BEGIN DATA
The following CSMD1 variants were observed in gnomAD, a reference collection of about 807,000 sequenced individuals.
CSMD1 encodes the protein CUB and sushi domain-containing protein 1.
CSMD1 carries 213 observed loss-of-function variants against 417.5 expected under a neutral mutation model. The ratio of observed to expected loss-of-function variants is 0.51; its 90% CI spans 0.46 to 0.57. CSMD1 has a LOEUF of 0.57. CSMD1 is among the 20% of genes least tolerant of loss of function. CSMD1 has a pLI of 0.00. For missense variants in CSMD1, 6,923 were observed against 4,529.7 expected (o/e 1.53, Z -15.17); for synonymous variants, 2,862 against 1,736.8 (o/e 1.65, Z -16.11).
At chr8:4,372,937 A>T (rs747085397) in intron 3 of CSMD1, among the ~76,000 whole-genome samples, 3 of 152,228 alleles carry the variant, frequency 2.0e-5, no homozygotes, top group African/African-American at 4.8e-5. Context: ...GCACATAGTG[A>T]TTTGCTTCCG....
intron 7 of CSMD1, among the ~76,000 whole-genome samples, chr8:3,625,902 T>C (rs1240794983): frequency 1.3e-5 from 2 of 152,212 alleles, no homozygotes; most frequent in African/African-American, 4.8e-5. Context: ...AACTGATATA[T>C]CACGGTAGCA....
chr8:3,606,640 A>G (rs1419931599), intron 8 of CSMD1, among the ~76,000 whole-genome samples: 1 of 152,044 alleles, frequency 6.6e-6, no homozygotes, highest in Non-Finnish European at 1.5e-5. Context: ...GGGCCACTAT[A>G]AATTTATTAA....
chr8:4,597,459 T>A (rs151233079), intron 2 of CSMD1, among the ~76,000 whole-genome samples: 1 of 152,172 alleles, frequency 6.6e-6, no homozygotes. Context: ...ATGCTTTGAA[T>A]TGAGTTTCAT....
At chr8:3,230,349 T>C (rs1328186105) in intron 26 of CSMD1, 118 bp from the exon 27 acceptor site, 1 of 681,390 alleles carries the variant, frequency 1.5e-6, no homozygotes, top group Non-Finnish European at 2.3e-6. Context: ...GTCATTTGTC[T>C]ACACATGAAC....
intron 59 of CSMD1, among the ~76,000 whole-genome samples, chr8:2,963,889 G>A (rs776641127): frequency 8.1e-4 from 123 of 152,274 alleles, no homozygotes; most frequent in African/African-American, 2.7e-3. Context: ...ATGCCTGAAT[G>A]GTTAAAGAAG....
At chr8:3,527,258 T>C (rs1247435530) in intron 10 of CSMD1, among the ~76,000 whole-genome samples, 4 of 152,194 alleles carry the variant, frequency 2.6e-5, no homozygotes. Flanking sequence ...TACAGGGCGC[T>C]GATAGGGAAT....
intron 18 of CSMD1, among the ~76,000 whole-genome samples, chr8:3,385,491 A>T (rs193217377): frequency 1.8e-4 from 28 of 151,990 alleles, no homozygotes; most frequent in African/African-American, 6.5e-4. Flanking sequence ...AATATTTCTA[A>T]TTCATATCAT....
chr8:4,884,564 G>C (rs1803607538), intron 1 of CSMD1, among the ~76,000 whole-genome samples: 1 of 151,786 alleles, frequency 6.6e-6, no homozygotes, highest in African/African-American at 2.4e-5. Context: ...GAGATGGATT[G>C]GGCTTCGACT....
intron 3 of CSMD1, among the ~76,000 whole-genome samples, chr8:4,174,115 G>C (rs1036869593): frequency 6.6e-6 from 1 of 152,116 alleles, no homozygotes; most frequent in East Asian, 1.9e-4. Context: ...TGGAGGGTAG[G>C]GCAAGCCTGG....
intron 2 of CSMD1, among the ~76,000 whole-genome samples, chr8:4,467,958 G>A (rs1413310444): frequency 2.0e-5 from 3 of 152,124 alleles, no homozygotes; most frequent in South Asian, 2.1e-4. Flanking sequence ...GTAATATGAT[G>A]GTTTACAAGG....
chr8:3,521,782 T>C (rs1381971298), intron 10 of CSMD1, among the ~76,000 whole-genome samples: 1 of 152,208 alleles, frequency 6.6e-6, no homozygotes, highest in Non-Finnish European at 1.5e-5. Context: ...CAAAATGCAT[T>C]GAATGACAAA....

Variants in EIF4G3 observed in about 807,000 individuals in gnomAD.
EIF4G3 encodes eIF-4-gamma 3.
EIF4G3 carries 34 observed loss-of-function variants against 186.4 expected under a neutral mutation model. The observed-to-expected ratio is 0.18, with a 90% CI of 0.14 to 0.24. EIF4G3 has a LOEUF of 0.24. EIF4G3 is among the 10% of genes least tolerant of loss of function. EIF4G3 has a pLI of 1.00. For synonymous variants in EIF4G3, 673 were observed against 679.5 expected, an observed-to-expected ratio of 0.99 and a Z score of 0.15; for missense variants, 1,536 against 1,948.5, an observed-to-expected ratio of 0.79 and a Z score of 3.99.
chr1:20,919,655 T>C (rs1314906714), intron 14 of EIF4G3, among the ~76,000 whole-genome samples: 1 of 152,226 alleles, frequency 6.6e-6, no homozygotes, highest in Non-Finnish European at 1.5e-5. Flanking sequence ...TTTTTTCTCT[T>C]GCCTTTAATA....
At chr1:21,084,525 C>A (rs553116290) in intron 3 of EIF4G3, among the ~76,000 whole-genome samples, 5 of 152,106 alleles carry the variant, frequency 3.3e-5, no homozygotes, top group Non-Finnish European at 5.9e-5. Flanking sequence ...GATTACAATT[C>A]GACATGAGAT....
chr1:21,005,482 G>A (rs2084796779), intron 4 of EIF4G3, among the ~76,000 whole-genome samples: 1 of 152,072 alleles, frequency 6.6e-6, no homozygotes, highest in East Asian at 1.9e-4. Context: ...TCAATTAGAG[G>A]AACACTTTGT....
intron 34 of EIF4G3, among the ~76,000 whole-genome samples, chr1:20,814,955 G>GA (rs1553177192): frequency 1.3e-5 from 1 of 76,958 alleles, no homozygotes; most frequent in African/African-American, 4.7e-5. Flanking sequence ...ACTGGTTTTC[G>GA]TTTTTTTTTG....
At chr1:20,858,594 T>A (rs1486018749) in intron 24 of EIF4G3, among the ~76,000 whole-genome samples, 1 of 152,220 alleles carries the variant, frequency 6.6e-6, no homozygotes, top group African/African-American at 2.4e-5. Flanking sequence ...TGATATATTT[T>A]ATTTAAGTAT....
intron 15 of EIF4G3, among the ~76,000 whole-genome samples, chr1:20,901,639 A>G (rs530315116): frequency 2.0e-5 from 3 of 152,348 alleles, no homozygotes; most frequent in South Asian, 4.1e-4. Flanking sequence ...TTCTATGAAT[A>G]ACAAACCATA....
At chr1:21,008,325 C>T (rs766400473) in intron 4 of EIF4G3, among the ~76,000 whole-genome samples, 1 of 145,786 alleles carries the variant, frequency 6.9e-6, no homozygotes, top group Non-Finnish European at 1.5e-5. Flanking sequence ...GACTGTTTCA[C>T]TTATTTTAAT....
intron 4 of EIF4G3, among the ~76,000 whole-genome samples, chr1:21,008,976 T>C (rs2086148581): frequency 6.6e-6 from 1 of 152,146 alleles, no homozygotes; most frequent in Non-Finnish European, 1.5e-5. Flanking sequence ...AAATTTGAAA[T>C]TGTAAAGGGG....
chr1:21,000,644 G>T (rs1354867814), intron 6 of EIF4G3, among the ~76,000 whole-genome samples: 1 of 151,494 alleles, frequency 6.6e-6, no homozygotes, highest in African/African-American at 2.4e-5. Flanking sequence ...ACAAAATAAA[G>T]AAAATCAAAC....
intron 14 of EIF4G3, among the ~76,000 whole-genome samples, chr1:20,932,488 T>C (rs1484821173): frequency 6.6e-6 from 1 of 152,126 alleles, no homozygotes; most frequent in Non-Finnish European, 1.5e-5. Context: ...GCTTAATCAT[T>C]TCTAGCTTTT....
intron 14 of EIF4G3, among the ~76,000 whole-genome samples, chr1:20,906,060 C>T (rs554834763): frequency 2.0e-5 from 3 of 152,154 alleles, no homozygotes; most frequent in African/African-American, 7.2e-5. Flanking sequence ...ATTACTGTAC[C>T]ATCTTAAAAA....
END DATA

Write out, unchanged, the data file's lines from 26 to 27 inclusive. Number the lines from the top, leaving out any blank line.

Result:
intron 4 of EIF4G3, among the ~76,000 whole-genome samples, chr1:21,008,976 T>C (rs2086148581): frequency 6.6e-6 from 1 of 152,146 alleles, no homozygotes; most frequent in Non-Finnish European, 1.5e-5. Flanking sequence ...AAATTTGAAA[T>C]TGTAAAGGGG....
chr1:21,000,644 G>T (rs1354867814), intron 6 of EIF4G3, among the ~76,000 whole-genome samples: 1 of 151,494 alleles, frequency 6.6e-6, no homozygotes, highest in African/African-American at 2.4e-5. Flanking sequence ...ACAAAATAAA[G>T]AAAATCAAAC....